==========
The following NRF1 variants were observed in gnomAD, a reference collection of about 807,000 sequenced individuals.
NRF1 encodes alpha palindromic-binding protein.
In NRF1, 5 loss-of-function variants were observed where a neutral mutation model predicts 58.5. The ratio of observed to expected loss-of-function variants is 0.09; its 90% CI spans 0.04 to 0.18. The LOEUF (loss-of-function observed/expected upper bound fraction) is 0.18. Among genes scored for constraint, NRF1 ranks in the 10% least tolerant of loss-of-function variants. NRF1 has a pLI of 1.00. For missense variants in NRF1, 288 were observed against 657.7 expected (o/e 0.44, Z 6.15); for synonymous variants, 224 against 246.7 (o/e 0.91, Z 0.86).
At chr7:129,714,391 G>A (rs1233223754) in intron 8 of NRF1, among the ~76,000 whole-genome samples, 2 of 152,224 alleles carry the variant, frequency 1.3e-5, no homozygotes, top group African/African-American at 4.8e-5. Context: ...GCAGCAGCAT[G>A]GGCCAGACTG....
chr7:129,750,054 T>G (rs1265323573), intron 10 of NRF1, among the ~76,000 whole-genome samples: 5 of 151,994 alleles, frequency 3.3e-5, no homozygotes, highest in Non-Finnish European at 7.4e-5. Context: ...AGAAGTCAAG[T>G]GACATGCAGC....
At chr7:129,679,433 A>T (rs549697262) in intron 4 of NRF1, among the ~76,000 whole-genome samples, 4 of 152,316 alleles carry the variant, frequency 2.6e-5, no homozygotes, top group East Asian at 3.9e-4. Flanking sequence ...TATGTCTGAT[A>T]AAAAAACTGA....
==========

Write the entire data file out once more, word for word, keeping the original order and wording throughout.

The following NRF1 variants were observed in gnomAD, a reference collection of about 807,000 sequenced individuals.
NRF1 encodes alpha palindromic-binding protein.
In NRF1, 5 loss-of-function variants were observed where a neutral mutation model predicts 58.5. The ratio of observed to expected loss-of-function variants is 0.09; its 90% CI spans 0.04 to 0.18. The LOEUF (loss-of-function observed/expected upper bound fraction) is 0.18. Among genes scored for constraint, NRF1 ranks in the 10% least tolerant of loss-of-function variants. NRF1 has a pLI of 1.00. For missense variants in NRF1, 288 were observed against 657.7 expected (o/e 0.44, Z 6.15); for synonymous variants, 224 against 246.7 (o/e 0.91, Z 0.86).
At chr7:129,714,391 G>A (rs1233223754) in intron 8 of NRF1, among the ~76,000 whole-genome samples, 2 of 152,224 alleles carry the variant, frequency 1.3e-5, no homozygotes, top group African/African-American at 4.8e-5. Context: ...GCAGCAGCAT[G>A]GGCCAGACTG....
chr7:129,750,054 T>G (rs1265323573), intron 10 of NRF1, among the ~76,000 whole-genome samples: 5 of 151,994 alleles, frequency 3.3e-5, no homozygotes, highest in Non-Finnish European at 7.4e-5. Context: ...AGAAGTCAAG[T>G]GACATGCAGC....
At chr7:129,679,433 A>T (rs549697262) in intron 4 of NRF1, among the ~76,000 whole-genome samples, 4 of 152,316 alleles carry the variant, frequency 2.6e-5, no homozygotes, top group East Asian at 3.9e-4. Flanking sequence ...TATGTCTGAT[A>T]AAAAAACTGA....